A federal program is helping local farmers feed families in Connecticut.
Since May 15, more than 60 million boxes have been delivered across the country.
"We wanted as many boxes and as much food to become available as possible," said Greg Ibach, USDA Under Secretary for Marketing and Regulatory Programs.
The USDA devised the program to help farmers whose businesses came to a grinding halt when the pandemic hit, and provide food for families struggling with food insecurity.
"There's not much profit margin in farming to start with. But to have the security of knowing that you're going to be able to be profitable because of this box program is just substantial," Cecarelli's owner William Dellacamera said.
Dellacamera started in mid-May with 2,000 boxes of fresh fruits and vegetables. Each one contains 12 pounds of produce. He worked with community organizations in Bridgeport, New Haven and East Haven to distribute the boxes to local families in need.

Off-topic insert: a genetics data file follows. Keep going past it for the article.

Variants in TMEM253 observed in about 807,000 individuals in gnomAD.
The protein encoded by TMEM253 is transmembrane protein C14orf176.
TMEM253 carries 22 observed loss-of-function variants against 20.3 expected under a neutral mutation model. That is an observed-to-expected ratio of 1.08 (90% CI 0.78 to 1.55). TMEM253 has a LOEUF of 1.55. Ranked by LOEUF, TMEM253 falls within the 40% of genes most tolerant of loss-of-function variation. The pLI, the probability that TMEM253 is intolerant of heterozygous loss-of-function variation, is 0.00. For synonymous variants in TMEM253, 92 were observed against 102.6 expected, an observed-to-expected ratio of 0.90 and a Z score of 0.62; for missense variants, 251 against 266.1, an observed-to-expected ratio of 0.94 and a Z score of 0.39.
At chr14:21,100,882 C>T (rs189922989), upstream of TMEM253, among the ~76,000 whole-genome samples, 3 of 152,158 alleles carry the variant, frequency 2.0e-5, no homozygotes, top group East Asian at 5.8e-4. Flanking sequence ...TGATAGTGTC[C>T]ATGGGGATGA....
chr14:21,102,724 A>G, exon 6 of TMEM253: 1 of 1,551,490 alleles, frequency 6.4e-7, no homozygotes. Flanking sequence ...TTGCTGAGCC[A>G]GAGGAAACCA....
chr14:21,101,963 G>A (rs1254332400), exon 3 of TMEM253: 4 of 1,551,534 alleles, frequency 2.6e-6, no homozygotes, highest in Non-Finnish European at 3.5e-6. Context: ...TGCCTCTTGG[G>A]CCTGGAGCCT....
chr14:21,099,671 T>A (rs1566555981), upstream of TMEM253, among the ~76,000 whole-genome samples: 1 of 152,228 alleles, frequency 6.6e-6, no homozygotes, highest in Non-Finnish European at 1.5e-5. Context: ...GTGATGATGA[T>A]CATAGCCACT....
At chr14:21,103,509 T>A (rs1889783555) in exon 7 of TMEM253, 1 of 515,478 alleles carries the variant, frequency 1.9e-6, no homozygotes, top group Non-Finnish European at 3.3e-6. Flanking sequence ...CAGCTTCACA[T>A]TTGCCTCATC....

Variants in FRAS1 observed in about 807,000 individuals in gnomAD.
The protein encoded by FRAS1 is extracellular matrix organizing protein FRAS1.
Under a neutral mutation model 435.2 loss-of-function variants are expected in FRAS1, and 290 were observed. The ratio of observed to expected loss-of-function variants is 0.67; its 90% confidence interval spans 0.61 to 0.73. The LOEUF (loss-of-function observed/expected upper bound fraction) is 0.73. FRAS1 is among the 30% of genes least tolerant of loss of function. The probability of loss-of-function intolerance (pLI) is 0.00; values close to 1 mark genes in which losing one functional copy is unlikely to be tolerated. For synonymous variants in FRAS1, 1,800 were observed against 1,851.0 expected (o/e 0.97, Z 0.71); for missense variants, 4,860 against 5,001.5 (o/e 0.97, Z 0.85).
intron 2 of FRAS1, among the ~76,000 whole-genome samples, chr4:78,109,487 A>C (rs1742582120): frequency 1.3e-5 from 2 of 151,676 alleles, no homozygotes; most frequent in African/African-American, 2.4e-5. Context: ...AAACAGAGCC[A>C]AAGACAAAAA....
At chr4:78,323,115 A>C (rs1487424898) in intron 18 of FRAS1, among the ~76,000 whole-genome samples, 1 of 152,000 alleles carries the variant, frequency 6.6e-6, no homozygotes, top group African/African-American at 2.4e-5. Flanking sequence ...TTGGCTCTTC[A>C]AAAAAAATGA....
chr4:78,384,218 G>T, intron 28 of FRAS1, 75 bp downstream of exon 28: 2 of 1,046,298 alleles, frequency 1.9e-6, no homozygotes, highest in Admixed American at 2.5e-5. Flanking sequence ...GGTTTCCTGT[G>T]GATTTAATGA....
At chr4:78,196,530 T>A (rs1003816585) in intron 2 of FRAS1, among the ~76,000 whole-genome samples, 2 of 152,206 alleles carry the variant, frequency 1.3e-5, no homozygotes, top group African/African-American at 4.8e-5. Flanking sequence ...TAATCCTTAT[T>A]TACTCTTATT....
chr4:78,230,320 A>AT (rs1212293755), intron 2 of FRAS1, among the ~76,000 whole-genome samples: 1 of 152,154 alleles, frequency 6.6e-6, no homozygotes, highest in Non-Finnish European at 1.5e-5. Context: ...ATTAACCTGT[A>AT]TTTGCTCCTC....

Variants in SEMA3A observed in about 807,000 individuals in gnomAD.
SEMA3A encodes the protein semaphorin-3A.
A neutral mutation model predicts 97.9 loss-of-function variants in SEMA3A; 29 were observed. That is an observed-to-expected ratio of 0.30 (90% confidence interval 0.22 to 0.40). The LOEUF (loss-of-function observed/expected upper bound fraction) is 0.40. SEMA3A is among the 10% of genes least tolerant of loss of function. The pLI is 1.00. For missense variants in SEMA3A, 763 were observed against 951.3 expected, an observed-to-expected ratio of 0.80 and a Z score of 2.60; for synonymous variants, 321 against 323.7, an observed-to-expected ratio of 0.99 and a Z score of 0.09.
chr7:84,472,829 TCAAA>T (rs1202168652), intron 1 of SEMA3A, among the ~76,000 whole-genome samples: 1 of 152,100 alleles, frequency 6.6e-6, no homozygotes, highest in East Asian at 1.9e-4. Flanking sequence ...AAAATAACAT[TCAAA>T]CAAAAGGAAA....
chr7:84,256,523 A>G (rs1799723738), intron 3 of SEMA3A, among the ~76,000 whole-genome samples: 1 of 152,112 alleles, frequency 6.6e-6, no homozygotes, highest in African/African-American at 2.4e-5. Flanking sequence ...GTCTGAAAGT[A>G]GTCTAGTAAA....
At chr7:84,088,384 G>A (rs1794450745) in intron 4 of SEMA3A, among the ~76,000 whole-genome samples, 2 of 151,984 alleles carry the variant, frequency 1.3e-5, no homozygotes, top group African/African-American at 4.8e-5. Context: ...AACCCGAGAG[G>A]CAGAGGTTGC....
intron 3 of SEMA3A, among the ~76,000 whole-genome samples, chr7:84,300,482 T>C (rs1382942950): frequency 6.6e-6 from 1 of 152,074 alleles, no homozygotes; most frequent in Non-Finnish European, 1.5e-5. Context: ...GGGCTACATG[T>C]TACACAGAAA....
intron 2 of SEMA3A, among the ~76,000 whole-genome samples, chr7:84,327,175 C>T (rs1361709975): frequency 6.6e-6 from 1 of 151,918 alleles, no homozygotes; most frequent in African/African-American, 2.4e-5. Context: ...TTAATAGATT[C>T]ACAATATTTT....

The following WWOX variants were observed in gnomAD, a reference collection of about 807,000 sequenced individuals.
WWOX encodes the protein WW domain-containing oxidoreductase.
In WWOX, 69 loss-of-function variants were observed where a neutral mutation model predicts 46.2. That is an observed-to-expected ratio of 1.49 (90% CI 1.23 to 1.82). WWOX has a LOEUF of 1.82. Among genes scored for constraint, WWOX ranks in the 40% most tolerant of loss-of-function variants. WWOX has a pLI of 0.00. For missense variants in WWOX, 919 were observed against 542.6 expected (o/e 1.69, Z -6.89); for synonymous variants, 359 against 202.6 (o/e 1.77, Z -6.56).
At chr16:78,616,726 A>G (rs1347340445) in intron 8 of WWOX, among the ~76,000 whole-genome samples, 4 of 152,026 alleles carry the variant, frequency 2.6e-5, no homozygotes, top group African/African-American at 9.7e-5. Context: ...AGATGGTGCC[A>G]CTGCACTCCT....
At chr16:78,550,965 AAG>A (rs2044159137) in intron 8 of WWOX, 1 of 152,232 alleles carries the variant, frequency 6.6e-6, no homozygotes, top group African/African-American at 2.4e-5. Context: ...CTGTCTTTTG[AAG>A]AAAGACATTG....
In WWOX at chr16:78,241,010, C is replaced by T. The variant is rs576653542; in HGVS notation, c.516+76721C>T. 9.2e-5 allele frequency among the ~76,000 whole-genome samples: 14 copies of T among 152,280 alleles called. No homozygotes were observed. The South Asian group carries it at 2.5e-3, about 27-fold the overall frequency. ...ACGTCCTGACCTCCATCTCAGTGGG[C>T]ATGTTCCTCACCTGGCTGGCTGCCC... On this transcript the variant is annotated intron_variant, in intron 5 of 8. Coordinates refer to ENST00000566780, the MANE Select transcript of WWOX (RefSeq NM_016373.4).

By July, he was making 2,000 boxes a week.
Dellacamera said the best part is the response. He's received phone calls, emails and handwritten letters from people who have received the boxes.
"Just to get fresh vegetables like they're getting. Some of these people have never had it before and those letters reflect it," he said.
Dellacamera's contract expires at the end of August. Initially, he was not going to apply for the third round due to changes in the program.
"We're looking at providing a box or boxes that are delivered simultaneously that include not only fruits and vegetables but also meat and dairy. So we have a bigger shopping cart, a more complete shopping cart being delivered to these hungry families," Ibach said.
Ibach said the shift to combination boxes was based on feedback from food pantries and a stabilizing market. But in response to comments from farmers and members of Congress including Rep. Rosa DeLauro (D-CT 3), the USDA amended round three to allow farmers like Dellacamera to continue providing individual commodity boxes.
Dellacamera said he will submit an application for round three. He thinks the program's merit lies in connecting local farmers to their communities.
"You're showing the next generation, 'hey seek this out, this is good stuff. Fresh fruits and vegetables. Eat this instead of that,'" he said.
Two other Connecticut businesses also participated in the program's first two rounds.
Dairyland Produce in Ridgefield, which does business as Sid Wainer & Son, was awarded $500,000 to provide fresh fruit and vegetable boxes.
The Willimantic Food Co-op received $6,300 to provide combination boxes containing fresh produce, precooked meat, dairy and fluid milk.